November 26, 2018
Drivers passing through Nanango were treated to a rare spectacle on Saturday afternoon as a parade of 50 zombies shambled slowly along the side of the D’Aguilar Highway.
The South Burnett’s first-ever Zombie walk – an unusual fundraiser for Nanango’s all-inclusive playground project – drew appreciative honks from motorists as the undead shuffled along the Ros Gregor Walking Track beside the roadway.
The idea was the brainchild of Seren Ahlquist and it now looks set to become a novel addition to Nanango’s annual events calendar.
Seren stumbled across a Zombie walk happening in a Brisbane park when she first moved to Queensland.
She was surprised to learn it was a fundraiser for the Brain Foundation, a charity that raises funds for brain injury research.
Over the next few years she watched Brisbane’s Zombie walk grow from 400 to 12,000 people, and Zombie walks spring up in other towns.
“I shared this idea with (my friend) Stella Wade and our other friends, and everyone just loved it,” Seren said.
“So we set up Zombie Invasion Nanango as a group, and started promoting our first-ever event.”
Seren said Heritage Bank Nanango had quickly come on board as a sponsor, and Crs Roz Frohloff and Danita Potter donated $200 each from their discretionary funds to help pay for signage and other materials.
The Nanango Lions and many other people also volunteered to help.
The event was endorsed by Cheryl Warner, the Nanango mum who first brought the need for an inclusive playground to public attention in May.
Cheryl’s seven-year-old son Jai has special needs, and the lack of local facilities has been forcing her to drive to Yarraman, Ipswich or the Sunshine Coast so her son can play.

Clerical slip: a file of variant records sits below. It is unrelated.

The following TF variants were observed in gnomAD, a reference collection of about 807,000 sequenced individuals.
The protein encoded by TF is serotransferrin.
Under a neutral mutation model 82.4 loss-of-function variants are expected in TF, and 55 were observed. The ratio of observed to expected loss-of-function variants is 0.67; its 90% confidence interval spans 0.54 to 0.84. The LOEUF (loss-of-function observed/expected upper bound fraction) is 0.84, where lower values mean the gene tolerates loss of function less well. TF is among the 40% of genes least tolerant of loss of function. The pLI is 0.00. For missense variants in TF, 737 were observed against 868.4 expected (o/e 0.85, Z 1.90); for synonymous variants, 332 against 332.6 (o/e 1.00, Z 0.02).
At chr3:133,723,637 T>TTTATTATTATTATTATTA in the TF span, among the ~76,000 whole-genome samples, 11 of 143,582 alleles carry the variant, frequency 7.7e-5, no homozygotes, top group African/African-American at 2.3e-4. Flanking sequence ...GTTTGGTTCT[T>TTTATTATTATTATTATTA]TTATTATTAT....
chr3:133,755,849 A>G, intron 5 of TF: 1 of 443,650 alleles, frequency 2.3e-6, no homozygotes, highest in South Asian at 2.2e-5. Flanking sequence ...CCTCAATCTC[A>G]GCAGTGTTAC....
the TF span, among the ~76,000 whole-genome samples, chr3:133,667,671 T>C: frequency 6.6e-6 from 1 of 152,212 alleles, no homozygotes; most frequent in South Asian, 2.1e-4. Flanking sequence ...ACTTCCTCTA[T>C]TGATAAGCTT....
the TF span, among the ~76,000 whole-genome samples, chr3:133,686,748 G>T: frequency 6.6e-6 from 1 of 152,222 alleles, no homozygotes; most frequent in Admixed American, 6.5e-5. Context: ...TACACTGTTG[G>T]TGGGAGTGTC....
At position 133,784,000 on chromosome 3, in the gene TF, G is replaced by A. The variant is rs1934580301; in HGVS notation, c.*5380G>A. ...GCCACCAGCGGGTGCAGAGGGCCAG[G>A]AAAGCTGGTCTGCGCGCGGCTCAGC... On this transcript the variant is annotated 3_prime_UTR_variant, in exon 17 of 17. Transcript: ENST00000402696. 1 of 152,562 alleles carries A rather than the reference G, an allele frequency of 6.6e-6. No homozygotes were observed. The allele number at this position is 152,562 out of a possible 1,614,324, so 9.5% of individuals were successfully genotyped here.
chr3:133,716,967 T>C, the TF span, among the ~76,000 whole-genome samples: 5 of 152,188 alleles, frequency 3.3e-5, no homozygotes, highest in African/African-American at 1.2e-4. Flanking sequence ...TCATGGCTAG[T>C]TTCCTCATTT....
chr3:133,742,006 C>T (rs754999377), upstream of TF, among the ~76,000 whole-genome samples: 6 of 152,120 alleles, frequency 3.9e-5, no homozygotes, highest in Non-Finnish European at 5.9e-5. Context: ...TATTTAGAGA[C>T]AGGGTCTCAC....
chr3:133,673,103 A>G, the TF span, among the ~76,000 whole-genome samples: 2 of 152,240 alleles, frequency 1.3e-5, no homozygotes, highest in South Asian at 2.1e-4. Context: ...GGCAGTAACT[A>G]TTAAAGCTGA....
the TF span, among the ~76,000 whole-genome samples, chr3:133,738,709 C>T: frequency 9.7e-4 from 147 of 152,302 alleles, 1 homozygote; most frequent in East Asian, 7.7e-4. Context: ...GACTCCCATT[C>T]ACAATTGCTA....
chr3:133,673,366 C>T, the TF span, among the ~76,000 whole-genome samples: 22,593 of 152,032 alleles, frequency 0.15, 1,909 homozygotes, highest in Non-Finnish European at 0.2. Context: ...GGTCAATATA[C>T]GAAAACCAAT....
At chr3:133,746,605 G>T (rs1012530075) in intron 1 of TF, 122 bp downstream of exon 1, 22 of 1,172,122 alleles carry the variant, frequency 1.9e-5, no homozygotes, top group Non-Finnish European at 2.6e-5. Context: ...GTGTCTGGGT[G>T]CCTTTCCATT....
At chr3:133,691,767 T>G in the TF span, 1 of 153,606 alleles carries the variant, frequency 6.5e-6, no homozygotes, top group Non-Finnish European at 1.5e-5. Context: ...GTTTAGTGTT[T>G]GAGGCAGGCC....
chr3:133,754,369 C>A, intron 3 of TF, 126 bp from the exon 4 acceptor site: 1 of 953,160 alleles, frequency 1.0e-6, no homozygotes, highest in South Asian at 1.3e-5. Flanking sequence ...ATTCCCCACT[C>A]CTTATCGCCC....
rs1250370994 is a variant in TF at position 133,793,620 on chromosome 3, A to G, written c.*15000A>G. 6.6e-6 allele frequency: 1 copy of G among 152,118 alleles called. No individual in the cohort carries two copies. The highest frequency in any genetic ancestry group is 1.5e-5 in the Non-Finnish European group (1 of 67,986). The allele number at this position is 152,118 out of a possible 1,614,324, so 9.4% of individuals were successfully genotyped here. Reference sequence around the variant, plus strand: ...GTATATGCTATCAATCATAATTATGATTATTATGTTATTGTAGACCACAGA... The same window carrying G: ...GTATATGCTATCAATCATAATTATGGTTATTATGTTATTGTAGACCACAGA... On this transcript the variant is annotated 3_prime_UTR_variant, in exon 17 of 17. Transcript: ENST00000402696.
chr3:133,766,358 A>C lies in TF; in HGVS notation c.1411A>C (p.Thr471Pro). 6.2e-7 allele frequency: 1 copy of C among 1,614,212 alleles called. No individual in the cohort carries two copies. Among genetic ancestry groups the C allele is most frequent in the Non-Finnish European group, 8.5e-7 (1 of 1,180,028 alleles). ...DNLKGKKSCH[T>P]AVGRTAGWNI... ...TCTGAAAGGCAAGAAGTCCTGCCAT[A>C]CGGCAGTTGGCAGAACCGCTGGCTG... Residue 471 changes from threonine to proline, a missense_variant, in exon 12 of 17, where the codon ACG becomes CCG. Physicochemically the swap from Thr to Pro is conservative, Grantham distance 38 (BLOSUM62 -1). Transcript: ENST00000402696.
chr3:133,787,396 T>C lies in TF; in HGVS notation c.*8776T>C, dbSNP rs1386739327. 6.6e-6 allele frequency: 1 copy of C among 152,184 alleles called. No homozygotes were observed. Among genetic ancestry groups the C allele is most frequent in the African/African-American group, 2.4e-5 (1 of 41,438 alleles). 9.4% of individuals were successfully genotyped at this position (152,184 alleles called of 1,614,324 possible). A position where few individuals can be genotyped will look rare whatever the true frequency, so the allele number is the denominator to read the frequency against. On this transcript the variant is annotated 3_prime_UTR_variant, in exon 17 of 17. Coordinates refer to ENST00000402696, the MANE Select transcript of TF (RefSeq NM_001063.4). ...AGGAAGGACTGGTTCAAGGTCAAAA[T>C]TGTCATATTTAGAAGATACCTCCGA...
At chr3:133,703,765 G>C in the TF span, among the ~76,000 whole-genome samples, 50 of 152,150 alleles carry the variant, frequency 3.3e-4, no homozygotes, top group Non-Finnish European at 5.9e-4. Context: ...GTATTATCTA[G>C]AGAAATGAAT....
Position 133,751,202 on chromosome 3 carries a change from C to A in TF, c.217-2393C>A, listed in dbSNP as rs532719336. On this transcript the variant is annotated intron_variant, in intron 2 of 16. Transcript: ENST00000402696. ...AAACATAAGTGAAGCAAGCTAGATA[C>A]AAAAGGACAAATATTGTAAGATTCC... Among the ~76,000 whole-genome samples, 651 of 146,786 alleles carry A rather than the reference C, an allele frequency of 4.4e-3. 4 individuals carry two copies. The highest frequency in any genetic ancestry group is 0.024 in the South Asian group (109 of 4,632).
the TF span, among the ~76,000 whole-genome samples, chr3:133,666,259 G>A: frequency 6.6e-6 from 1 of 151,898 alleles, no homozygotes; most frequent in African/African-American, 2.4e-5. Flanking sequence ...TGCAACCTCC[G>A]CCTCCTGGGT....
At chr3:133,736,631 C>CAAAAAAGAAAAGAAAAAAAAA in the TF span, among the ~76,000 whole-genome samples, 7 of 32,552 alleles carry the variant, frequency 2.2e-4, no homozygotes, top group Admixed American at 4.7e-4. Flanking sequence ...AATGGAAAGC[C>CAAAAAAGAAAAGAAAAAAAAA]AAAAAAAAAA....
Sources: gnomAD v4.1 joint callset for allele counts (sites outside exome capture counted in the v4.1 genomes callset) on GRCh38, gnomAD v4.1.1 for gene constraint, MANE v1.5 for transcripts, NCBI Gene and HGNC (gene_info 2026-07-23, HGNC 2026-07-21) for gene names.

Cheryl issued a public plea to build an inclusive playground for special needs children and adults in the South Burnett.
Her idea has now won widespread support from the community and South Burnett Regional Council has designated Nanango’s Butter Factory Park as the preferred site for the facility.
Zombies began gathering at Tipperary Flat from 3:00pm on Saturday, slaking any lingering thirst for blood or brains with soft drinks and sausage sandwiches from the Lions food van.
Then at 5:00pm – with the sun beginning to move lower in the sky – the zombies assembled for the long shuffle to Hannibal’s Bucket.
After pausing to be splattered with artificial blood near the finish line, they dragged their feet the last 100 metres to the Bucket for a group shot snapped by half a dozen keen photographers.
They then returned to the starting line to dance to Michael Jackson’s “Thriller”.
Later that evening, many zombies rounded off the day at a Zombie After Party held at Nanango’s Palace Hotel.
On Monday, Seren told southburnett.com.au she was very pleased with the roll-up.
“For a first time event in a town the size of Nanango, I think we did much better per capita than the 400 people who took part in the first Brisbane zombie walk,” she said.
“Another thing that impressed our committee was that so many people put such a big effort into their zombie costumes.
“Emma Perkins, the winner of the Best Zombie Costume category, really went above and beyond with her outfit, and so did the team who took out the group prize.”
Seren said it would be a few days before the group could work out how much money the walk raised.
This was because donation tins and the Palace Hotel’s after party donations also had to be collected and counted,.
“The wonderful thing about this project is that Heritage Bank Nanango will contribute $3 for every $1 raised, so whatever we raised will quadruple,” Seren said.
“We’ll be presenting a cheque for the proceeds to the Nanango Tourism and Development Association (the association collecting money for the inclusive playground project).”
Seren said she hopes the Zombie walk will become an annual event to raise funds for good causes.
“It’s a fun day out for people, it’s not expensive and how often do you get the chance to dress up like a zombie and do something for the community?” she said.
“If Butter Factory Park’s fundraising target hasn’t been reached by this time next year we’ll do our second walk for it, too.
“But if it has been reached – and we all hope it will be – we’ll find another good cause to help instead.”